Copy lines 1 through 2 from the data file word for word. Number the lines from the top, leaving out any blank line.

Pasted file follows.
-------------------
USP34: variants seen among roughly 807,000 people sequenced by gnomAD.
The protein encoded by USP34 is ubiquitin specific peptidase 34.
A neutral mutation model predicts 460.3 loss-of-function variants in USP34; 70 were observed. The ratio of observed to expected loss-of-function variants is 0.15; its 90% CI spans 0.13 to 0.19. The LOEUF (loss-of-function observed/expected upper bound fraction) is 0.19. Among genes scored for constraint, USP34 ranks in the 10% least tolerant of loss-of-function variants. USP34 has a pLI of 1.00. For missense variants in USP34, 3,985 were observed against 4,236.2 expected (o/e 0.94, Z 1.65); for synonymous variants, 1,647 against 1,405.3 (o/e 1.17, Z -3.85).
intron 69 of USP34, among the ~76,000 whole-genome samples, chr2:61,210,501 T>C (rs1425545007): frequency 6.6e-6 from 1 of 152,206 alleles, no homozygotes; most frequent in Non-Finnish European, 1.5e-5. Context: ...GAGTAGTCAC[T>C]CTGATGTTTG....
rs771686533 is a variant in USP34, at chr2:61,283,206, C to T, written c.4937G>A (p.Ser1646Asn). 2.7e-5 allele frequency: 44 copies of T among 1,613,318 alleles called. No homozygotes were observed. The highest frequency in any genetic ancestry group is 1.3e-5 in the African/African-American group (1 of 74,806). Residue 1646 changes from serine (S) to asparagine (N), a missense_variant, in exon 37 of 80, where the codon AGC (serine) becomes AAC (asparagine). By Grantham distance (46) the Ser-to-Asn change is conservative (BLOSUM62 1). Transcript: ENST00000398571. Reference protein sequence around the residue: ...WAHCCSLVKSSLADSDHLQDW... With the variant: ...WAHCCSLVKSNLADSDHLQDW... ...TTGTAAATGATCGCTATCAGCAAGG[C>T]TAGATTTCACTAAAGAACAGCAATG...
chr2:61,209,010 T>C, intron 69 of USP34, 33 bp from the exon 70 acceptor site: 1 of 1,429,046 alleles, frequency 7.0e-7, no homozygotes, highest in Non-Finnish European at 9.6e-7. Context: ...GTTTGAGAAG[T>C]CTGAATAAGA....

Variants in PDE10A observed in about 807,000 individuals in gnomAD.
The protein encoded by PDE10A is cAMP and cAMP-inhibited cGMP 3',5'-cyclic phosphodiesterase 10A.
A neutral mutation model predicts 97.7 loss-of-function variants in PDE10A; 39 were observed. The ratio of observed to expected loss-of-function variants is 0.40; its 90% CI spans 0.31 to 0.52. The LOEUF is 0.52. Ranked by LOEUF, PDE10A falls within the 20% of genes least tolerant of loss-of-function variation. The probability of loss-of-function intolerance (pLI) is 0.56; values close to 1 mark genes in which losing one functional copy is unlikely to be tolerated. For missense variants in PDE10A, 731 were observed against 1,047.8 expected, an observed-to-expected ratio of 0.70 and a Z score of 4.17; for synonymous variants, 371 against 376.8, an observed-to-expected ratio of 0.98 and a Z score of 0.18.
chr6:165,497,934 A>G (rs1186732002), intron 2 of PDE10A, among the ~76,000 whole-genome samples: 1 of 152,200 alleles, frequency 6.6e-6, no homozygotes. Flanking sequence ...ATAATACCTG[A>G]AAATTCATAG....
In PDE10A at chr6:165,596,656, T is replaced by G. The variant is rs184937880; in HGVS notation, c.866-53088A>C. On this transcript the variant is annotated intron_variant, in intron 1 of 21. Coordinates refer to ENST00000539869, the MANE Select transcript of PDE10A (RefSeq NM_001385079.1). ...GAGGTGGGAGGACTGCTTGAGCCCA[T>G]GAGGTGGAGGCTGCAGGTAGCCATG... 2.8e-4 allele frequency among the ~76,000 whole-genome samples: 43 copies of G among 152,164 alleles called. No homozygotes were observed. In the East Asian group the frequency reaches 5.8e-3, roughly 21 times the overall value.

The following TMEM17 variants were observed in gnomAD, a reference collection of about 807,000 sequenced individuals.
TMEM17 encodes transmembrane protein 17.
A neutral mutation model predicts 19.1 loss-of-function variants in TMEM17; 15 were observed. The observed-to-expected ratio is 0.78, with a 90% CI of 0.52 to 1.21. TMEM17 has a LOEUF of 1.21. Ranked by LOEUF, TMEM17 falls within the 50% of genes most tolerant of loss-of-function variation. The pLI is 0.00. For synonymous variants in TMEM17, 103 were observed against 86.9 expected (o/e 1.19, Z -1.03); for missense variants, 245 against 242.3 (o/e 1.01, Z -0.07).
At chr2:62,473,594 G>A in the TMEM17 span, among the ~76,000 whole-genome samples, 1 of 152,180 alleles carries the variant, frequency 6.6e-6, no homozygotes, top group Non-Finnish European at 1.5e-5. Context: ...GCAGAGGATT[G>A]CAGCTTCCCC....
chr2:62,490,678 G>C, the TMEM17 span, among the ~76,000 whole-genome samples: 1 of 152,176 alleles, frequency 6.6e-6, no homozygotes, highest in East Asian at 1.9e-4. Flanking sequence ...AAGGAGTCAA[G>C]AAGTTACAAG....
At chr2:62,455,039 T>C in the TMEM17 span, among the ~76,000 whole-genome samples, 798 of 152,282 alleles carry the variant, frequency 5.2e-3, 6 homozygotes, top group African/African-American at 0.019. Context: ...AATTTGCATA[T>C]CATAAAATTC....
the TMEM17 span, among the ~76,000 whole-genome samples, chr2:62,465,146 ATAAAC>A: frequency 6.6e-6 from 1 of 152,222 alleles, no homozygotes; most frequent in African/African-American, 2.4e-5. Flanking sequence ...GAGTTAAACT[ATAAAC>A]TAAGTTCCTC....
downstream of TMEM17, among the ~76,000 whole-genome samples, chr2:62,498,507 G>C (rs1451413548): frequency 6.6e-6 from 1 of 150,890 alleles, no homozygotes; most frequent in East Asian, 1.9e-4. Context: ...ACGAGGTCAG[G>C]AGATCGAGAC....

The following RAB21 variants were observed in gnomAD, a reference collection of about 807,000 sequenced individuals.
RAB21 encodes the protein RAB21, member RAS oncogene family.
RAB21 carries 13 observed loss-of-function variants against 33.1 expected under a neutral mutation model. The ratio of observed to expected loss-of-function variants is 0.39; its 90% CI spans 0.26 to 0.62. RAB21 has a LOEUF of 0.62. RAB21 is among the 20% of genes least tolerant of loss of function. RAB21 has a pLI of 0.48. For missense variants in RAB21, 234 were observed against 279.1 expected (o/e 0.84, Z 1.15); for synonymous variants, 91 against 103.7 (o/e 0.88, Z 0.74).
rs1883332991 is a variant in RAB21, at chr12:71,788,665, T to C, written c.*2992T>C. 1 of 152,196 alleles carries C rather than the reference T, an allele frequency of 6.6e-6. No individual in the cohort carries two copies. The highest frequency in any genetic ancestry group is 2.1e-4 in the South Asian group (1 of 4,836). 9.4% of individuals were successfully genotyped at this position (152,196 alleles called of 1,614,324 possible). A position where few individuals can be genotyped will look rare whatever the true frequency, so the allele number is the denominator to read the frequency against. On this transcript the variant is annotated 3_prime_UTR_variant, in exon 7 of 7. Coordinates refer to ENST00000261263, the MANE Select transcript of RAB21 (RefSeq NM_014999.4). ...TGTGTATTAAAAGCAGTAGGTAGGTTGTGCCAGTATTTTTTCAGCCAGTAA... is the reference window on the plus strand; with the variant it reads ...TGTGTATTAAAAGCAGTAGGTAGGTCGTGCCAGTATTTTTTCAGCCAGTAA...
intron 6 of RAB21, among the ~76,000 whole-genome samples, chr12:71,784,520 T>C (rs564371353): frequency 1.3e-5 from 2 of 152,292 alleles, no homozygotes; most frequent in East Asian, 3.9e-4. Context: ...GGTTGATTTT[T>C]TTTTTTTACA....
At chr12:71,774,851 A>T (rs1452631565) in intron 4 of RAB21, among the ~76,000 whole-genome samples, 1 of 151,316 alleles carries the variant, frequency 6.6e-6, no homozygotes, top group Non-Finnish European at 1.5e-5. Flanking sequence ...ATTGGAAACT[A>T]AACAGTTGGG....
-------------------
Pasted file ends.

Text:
USP34: variants seen among roughly 807,000 people sequenced by gnomAD.
The protein encoded by USP34 is ubiquitin specific peptidase 34.